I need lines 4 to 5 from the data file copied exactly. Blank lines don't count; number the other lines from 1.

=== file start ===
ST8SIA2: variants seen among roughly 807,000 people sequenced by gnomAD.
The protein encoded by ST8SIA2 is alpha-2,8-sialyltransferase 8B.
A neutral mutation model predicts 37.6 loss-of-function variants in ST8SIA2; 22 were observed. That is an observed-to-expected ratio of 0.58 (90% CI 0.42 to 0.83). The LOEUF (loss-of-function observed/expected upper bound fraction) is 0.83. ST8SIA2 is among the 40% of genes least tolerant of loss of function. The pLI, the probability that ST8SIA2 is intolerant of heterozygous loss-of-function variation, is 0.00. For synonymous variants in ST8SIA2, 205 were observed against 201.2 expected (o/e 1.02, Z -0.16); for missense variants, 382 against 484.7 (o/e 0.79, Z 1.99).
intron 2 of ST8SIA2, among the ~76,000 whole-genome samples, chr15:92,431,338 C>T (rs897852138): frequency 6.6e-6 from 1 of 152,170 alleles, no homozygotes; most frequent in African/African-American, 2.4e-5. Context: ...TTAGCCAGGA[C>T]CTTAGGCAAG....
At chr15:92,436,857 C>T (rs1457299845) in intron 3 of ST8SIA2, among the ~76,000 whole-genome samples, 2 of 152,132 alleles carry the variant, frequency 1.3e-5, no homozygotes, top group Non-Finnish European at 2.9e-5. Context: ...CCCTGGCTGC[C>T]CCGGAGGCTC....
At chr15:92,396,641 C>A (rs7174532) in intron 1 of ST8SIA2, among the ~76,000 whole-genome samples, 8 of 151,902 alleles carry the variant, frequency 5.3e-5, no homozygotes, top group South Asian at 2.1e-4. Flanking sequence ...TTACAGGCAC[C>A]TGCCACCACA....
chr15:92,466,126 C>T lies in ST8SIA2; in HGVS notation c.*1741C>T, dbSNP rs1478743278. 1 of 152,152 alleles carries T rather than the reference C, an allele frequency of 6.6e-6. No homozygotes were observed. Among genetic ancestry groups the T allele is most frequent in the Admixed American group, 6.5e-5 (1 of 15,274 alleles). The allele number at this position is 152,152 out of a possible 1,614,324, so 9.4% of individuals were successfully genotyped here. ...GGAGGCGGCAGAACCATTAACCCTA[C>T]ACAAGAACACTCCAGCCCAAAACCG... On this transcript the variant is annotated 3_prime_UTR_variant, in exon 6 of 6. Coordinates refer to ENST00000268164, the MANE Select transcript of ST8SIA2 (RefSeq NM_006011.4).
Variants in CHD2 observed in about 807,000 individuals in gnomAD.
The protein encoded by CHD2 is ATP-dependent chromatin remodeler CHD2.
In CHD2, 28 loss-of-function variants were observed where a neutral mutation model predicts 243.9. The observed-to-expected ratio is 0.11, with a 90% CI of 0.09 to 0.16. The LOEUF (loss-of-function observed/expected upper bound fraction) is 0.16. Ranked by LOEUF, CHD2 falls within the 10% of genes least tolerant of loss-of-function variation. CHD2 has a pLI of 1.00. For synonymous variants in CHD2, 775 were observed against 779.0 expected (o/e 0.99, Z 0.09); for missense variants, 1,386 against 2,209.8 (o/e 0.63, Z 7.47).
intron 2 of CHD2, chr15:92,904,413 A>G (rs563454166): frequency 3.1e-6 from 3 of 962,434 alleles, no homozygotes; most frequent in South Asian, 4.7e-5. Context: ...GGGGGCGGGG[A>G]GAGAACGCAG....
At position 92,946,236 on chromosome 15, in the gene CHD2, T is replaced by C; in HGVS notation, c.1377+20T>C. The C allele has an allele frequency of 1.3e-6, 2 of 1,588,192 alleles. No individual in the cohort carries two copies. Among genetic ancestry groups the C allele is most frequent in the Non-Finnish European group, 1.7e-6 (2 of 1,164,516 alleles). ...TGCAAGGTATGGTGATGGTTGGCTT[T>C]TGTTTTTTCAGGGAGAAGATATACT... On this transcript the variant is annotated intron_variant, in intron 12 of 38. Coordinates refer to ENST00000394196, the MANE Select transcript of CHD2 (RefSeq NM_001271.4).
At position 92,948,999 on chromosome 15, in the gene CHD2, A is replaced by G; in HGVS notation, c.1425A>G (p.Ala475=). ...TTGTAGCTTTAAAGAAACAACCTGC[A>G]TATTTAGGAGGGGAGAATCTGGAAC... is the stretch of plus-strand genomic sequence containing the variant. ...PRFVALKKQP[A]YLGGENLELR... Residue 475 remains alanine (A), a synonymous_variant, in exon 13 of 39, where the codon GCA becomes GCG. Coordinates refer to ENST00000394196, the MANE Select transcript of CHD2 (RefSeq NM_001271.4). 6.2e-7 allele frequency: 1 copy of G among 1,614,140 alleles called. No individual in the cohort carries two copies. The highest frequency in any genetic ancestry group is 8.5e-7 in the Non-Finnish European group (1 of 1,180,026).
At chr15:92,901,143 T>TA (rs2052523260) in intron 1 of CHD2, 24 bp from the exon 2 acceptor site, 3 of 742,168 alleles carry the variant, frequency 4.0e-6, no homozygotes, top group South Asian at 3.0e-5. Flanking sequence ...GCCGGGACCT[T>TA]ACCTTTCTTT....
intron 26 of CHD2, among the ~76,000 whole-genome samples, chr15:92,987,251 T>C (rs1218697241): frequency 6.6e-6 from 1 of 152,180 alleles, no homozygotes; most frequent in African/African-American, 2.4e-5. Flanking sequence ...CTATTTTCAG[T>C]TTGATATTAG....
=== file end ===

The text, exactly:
intron 2 of ST8SIA2, among the ~76,000 whole-genome samples, chr15:92,431,338 C>T (rs897852138): frequency 6.6e-6 from 1 of 152,170 alleles, no homozygotes; most frequent in African/African-American, 2.4e-5. Context: ...TTAGCCAGGA[C>T]CTTAGGCAAG....
At chr15:92,436,857 C>T (rs1457299845) in intron 3 of ST8SIA2, among the ~76,000 whole-genome samples, 2 of 152,132 alleles carry the variant, frequency 1.3e-5, no homozygotes, top group Non-Finnish European at 2.9e-5. Context: ...CCCTGGCTGC[C>T]CCGGAGGCTC....